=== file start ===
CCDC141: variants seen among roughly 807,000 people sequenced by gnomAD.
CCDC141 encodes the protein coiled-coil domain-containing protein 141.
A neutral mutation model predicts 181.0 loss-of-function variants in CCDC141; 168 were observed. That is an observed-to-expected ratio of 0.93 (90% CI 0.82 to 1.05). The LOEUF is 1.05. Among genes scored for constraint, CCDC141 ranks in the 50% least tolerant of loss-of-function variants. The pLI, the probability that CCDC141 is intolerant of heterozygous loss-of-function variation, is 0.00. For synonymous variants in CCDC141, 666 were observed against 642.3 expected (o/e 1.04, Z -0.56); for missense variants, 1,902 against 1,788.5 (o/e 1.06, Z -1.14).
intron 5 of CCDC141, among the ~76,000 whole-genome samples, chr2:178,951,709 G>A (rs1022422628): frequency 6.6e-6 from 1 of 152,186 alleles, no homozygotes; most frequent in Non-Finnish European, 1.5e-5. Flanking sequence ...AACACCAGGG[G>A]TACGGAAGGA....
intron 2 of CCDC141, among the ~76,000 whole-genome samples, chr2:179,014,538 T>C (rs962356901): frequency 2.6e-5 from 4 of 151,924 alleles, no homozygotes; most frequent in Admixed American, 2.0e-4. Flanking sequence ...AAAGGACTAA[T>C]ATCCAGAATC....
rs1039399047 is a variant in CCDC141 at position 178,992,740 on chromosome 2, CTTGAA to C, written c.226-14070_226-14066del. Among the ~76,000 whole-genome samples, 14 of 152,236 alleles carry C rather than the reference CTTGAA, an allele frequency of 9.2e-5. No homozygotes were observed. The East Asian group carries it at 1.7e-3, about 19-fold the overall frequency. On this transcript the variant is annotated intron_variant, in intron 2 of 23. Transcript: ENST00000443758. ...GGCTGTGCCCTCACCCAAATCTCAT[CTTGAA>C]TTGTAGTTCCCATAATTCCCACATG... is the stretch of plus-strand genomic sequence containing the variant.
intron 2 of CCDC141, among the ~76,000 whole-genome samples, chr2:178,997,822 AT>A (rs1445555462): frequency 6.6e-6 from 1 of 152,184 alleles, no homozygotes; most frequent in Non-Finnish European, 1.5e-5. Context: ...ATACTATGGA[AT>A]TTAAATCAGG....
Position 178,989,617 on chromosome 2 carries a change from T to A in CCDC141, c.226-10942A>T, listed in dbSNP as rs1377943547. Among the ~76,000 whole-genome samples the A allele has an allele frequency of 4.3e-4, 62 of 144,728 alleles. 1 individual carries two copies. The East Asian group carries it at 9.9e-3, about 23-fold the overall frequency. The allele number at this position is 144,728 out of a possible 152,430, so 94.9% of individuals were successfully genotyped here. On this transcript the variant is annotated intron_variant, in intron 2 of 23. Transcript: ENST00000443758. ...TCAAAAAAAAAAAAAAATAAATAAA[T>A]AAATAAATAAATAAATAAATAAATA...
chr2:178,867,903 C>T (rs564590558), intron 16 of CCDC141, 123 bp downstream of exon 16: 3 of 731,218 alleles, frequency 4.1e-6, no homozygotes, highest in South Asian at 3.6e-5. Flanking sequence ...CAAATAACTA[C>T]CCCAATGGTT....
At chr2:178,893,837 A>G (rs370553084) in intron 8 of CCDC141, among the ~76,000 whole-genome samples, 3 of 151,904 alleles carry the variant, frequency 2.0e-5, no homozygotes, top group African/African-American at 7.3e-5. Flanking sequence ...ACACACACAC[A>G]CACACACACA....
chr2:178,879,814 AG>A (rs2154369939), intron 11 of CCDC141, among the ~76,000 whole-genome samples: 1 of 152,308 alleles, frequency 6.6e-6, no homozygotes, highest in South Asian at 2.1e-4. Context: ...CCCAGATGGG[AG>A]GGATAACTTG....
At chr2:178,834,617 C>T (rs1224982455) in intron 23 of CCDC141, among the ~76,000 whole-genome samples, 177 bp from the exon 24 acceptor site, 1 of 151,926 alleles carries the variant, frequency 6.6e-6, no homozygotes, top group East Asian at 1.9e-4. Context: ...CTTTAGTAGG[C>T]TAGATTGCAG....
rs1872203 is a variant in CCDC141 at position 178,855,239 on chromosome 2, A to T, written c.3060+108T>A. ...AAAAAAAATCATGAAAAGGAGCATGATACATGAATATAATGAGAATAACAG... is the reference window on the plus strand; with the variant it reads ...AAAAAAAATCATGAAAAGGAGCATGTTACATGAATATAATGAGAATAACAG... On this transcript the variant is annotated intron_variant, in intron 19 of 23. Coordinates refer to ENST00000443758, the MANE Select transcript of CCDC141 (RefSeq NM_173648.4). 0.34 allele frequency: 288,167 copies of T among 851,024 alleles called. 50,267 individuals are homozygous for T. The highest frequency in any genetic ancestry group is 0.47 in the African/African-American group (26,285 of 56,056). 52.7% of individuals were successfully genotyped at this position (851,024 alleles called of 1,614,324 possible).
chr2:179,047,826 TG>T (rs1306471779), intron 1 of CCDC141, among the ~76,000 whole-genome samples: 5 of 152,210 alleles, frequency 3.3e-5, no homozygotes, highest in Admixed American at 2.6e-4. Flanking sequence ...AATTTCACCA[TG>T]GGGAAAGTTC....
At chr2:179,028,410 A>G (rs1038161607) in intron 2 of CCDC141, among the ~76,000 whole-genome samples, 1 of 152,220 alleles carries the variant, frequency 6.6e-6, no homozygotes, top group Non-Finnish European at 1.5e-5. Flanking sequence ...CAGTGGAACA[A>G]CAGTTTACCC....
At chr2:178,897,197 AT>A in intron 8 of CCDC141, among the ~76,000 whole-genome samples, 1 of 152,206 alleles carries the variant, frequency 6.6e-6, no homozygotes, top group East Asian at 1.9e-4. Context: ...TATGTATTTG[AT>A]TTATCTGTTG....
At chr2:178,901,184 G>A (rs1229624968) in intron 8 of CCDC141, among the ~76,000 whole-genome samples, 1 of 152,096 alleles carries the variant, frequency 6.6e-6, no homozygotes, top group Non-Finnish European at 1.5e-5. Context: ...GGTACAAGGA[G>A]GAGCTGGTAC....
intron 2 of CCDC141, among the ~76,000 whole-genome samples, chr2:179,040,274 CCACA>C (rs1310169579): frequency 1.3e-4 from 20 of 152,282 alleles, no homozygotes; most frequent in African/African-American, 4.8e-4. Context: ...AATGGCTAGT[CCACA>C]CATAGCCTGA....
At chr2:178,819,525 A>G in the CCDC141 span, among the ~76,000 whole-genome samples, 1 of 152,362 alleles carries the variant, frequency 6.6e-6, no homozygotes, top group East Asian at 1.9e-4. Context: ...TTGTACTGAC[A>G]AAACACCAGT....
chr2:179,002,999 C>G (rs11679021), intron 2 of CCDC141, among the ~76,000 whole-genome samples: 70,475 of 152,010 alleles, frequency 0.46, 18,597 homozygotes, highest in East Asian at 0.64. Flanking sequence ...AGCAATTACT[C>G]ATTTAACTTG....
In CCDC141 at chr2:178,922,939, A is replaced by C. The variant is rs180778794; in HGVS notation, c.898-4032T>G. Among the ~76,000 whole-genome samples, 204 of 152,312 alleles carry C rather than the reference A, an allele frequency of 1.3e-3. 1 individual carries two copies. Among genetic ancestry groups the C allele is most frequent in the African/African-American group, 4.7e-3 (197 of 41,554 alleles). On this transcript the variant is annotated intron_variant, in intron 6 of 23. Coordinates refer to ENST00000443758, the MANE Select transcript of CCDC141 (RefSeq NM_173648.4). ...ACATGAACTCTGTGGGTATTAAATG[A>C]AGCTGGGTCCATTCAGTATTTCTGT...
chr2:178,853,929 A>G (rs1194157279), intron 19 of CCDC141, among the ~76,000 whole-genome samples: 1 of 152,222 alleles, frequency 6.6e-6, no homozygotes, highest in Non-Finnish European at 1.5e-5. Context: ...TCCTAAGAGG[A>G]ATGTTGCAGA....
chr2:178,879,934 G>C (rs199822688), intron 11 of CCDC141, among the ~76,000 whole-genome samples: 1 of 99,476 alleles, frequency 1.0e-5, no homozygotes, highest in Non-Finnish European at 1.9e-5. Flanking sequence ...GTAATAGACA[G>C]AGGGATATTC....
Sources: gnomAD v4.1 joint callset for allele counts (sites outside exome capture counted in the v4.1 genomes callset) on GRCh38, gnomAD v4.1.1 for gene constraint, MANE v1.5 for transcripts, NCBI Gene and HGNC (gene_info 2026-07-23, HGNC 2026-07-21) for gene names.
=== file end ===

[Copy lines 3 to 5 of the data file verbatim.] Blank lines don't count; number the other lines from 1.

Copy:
A neutral mutation model predicts 181.0 loss-of-function variants in CCDC141; 168 were observed. That is an observed-to-expected ratio of 0.93 (90% CI 0.82 to 1.05). The LOEUF is 1.05. Among genes scored for constraint, CCDC141 ranks in the 50% least tolerant of loss-of-function variants. The pLI, the probability that CCDC141 is intolerant of heterozygous loss-of-function variation, is 0.00. For synonymous variants in CCDC141, 666 were observed against 642.3 expected (o/e 1.04, Z -0.56); for missense variants, 1,902 against 1,788.5 (o/e 1.06, Z -1.14).
intron 5 of CCDC141, among the ~76,000 whole-genome samples, chr2:178,951,709 G>A (rs1022422628): frequency 6.6e-6 from 1 of 152,186 alleles, no homozygotes; most frequent in Non-Finnish European, 1.5e-5. Flanking sequence ...AACACCAGGG[G>A]TACGGAAGGA....
intron 2 of CCDC141, among the ~76,000 whole-genome samples, chr2:179,014,538 T>C (rs962356901): frequency 2.6e-5 from 4 of 151,924 alleles, no homozygotes; most frequent in Admixed American, 2.0e-4. Flanking sequence ...AAAGGACTAA[T>C]ATCCAGAATC....